“She always talked about his character, the good man he was and how he stayed so positive despite all the hardships he had to face. His success meant so much to her,” Mativa said. .
After high school, Jacobs took an aptitude test that showed great proficiency in math and science, earning him a scholarship to UC Los Angeles. His plan was to study mechanical engineering, but his high school principal tried to convince him otherwise.
“He told me ‘there are no black engineers so you should take a trade’ (course). But that didn’t even cause a ripple with me… What that director taught me wasn’t about racism but about succeeding through thick and thin,” Jacobs said.
A year into his studies at UCLA, Jacobs was forced to drop out and find a job to support his struggling family. He went on to study engineering at a community college, but never graduated. Then in 1956, he got a job with North American Aviation’s Rocketdyne Division, a space contractor at Canoga Park. At the time, only eight of Rocketdyne’s 5,000 engineers were black.
Jacobs attributes his professional breakthrough in the segregated 1950s to blind faith, an innate mastery of numbers and the space race with Russia, which forced government contractors to open up jobs previously reserved for white men to women. skilled and people of color.
These new workers became known as the “hidden figures” of the space program, who Jacobs said were frequently discriminated against, perpetually underpaid, and mostly underutilized. But many have made significant contributions to the space program, including Jacobs who worked on the Apollo and Space Shuttle programs and spent the last 15 years of his career as a senior Rockwell executive at Downey.
Jacobs described his life at Rockwell as rewarding, but difficult. He carefully avoided provoking his white colleagues and faced resentment from his black colleagues, who called him “Uncle Tom” for not fighting back.
“If I demanded equality, it would have stunted my growth. I have spent my whole life on this tightrope,” he said. “I was a dynamic guy and a team player. I felt compelled to participate in activism but I couldn’t let it dominate my life. I felt pressure from black people and threatened white people. I called my career a solo trip.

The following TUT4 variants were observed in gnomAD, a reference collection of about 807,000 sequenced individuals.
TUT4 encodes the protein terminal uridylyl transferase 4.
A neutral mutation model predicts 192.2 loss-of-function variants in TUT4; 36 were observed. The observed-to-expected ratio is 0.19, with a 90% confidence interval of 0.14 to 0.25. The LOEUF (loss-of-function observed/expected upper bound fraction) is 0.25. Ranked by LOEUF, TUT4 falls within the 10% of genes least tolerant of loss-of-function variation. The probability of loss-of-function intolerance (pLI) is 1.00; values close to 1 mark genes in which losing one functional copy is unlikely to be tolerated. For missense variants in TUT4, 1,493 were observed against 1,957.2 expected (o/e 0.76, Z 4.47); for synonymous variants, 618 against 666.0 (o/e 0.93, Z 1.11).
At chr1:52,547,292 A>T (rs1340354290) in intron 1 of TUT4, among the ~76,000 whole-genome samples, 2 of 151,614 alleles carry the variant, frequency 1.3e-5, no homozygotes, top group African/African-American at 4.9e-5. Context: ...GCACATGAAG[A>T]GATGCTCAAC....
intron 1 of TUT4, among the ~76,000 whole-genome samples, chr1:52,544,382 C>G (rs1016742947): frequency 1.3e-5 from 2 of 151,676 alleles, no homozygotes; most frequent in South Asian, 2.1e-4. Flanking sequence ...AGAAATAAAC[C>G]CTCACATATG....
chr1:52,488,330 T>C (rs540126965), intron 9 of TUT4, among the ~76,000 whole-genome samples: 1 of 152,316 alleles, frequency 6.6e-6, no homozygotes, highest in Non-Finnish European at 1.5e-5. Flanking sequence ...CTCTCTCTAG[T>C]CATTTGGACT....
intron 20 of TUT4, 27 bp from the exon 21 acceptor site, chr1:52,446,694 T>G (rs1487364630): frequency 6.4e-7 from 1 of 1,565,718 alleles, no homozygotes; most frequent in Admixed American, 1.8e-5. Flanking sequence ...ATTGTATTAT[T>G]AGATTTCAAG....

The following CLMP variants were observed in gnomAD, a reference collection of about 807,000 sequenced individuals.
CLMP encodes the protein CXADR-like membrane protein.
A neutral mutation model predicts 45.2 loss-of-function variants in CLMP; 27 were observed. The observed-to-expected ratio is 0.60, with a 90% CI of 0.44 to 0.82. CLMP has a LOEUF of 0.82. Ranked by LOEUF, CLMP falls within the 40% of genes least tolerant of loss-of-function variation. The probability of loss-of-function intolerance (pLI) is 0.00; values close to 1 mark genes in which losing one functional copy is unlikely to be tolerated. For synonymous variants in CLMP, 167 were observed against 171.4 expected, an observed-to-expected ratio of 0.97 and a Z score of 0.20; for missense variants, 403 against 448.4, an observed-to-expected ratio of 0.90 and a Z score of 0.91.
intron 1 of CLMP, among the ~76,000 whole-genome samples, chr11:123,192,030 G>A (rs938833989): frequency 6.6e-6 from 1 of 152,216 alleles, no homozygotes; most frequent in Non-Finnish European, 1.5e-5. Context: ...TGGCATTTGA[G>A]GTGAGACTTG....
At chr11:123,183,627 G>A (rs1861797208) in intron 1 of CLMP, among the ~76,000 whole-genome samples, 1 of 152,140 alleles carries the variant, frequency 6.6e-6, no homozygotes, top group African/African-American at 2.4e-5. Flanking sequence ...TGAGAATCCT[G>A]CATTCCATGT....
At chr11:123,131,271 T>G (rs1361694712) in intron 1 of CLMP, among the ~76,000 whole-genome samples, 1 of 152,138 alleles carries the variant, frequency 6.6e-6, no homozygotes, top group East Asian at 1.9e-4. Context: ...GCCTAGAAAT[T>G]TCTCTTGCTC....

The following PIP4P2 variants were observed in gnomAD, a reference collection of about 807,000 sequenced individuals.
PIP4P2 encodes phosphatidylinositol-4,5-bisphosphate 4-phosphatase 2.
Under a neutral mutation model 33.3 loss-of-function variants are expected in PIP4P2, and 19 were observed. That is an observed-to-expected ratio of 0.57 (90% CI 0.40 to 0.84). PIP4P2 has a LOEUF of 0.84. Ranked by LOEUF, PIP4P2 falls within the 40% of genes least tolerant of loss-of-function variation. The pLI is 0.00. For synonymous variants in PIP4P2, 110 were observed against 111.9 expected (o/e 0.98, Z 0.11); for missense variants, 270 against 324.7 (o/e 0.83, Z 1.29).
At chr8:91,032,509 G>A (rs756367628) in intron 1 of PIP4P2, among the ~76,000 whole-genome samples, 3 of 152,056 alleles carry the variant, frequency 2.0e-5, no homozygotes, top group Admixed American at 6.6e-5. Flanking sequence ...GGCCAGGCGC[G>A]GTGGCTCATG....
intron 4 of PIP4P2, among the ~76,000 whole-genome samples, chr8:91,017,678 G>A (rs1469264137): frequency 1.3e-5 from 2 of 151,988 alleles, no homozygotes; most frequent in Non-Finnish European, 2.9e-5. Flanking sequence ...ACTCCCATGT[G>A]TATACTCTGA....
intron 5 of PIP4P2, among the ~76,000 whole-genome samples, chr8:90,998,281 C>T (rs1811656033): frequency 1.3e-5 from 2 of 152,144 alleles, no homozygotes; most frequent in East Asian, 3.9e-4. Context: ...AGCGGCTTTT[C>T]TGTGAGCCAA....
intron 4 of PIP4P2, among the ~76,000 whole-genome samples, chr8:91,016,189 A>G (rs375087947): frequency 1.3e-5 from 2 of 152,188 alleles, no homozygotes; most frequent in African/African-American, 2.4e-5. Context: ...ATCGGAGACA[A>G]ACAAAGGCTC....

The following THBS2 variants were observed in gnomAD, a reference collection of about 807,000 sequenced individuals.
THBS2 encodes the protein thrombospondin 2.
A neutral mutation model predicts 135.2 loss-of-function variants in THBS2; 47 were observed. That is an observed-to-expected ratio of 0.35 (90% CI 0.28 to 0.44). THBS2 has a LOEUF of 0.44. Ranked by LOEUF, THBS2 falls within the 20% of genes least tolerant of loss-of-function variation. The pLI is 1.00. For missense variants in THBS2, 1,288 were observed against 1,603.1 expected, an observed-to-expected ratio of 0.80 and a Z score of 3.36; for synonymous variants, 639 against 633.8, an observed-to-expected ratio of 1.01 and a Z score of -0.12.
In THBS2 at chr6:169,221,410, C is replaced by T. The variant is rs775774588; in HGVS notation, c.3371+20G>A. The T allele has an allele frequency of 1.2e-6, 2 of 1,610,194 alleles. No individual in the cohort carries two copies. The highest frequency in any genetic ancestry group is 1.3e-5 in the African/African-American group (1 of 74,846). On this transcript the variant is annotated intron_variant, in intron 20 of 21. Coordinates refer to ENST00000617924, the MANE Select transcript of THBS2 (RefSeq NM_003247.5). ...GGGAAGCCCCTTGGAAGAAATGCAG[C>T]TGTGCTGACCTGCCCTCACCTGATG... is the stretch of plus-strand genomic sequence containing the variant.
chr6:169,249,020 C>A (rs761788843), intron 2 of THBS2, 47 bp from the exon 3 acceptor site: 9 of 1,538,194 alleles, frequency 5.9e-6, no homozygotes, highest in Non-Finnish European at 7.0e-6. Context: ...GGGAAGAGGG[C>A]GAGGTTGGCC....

His daughter Shelley Modaff said that when she was a child, her father never talked about her accomplishments. But once he retired and opened up about his life, he was proud to share his accomplishments with friends, neighbors and reporters.
“Growing up I knew he was building space shuttles, but that was about it. He was shy about telling people because he didn’t think people would believe him because the Blacks didn’t do that,” Modaff said.
Jacobs ended his career at Rockwell working on the Space Shuttle program, where he was project manager for external tank disconnect systems. He retired in 1996 and moved with his then wife, Diane, and their daughter, Shelley, to Oceanside. In 2011 Diane died of cancer. In 2014 he married Elizabeth Portillo, who was also newly widowed. On Wednesday, Portillo-Jacobs said she and her husband shared a huge zest for life. Although they were very ill at the time, they took a hot air balloon ride together over Del Mar on her 87th birthday in April. He is survived by his wife and daughter Shelley Modaff and granddaughter Shelby Beverly Jacobs of Jacksonville, Florida.
A Celebration of Life Service for Jacobs will be held at 2 p.m. Sept. 17 at Rise Church, 1943 California St., Oceanside. His ashes will be interred at Eternal Hills Cemetery in Oceanside. In lieu of flowers, the family suggested donations in Jacobs’ name to the National Society of Black Engineers so young students could follow in his footsteps.